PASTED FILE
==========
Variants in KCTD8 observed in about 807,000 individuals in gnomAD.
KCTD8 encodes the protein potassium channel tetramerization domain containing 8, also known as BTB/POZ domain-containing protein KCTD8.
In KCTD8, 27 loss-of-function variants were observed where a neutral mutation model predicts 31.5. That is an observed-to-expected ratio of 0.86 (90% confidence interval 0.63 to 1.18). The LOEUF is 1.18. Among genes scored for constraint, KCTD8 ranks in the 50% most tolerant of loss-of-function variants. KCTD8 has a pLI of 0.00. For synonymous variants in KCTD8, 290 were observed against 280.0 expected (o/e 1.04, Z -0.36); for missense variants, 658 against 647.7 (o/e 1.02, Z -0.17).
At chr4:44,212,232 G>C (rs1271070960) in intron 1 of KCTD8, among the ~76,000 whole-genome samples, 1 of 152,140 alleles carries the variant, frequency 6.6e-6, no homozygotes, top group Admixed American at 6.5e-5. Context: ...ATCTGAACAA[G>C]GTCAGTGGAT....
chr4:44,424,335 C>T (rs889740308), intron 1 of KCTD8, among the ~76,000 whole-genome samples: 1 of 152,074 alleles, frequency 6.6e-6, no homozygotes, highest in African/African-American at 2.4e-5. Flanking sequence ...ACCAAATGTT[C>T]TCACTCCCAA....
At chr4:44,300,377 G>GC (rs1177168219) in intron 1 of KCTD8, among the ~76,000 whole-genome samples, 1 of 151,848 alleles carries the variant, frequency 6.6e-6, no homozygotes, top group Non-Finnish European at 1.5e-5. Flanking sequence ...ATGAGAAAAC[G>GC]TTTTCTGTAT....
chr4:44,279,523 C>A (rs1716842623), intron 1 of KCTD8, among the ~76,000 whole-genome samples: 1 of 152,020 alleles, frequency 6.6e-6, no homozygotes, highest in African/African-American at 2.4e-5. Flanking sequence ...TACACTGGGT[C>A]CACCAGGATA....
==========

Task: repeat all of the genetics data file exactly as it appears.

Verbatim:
Variants in KCTD8 observed in about 807,000 individuals in gnomAD.
KCTD8 encodes the protein potassium channel tetramerization domain containing 8, also known as BTB/POZ domain-containing protein KCTD8.
In KCTD8, 27 loss-of-function variants were observed where a neutral mutation model predicts 31.5. That is an observed-to-expected ratio of 0.86 (90% confidence interval 0.63 to 1.18). The LOEUF is 1.18. Among genes scored for constraint, KCTD8 ranks in the 50% most tolerant of loss-of-function variants. KCTD8 has a pLI of 0.00. For synonymous variants in KCTD8, 290 were observed against 280.0 expected (o/e 1.04, Z -0.36); for missense variants, 658 against 647.7 (o/e 1.02, Z -0.17).
At chr4:44,212,232 G>C (rs1271070960) in intron 1 of KCTD8, among the ~76,000 whole-genome samples, 1 of 152,140 alleles carries the variant, frequency 6.6e-6, no homozygotes, top group Admixed American at 6.5e-5. Context: ...ATCTGAACAA[G>C]GTCAGTGGAT....
chr4:44,424,335 C>T (rs889740308), intron 1 of KCTD8, among the ~76,000 whole-genome samples: 1 of 152,074 alleles, frequency 6.6e-6, no homozygotes, highest in African/African-American at 2.4e-5. Flanking sequence ...ACCAAATGTT[C>T]TCACTCCCAA....
At chr4:44,300,377 G>GC (rs1177168219) in intron 1 of KCTD8, among the ~76,000 whole-genome samples, 1 of 151,848 alleles carries the variant, frequency 6.6e-6, no homozygotes, top group Non-Finnish European at 1.5e-5. Flanking sequence ...ATGAGAAAAC[G>GC]TTTTCTGTAT....
chr4:44,279,523 C>A (rs1716842623), intron 1 of KCTD8, among the ~76,000 whole-genome samples: 1 of 152,020 alleles, frequency 6.6e-6, no homozygotes, highest in African/African-American at 2.4e-5. Flanking sequence ...TACACTGGGT[C>A]CACCAGGATA....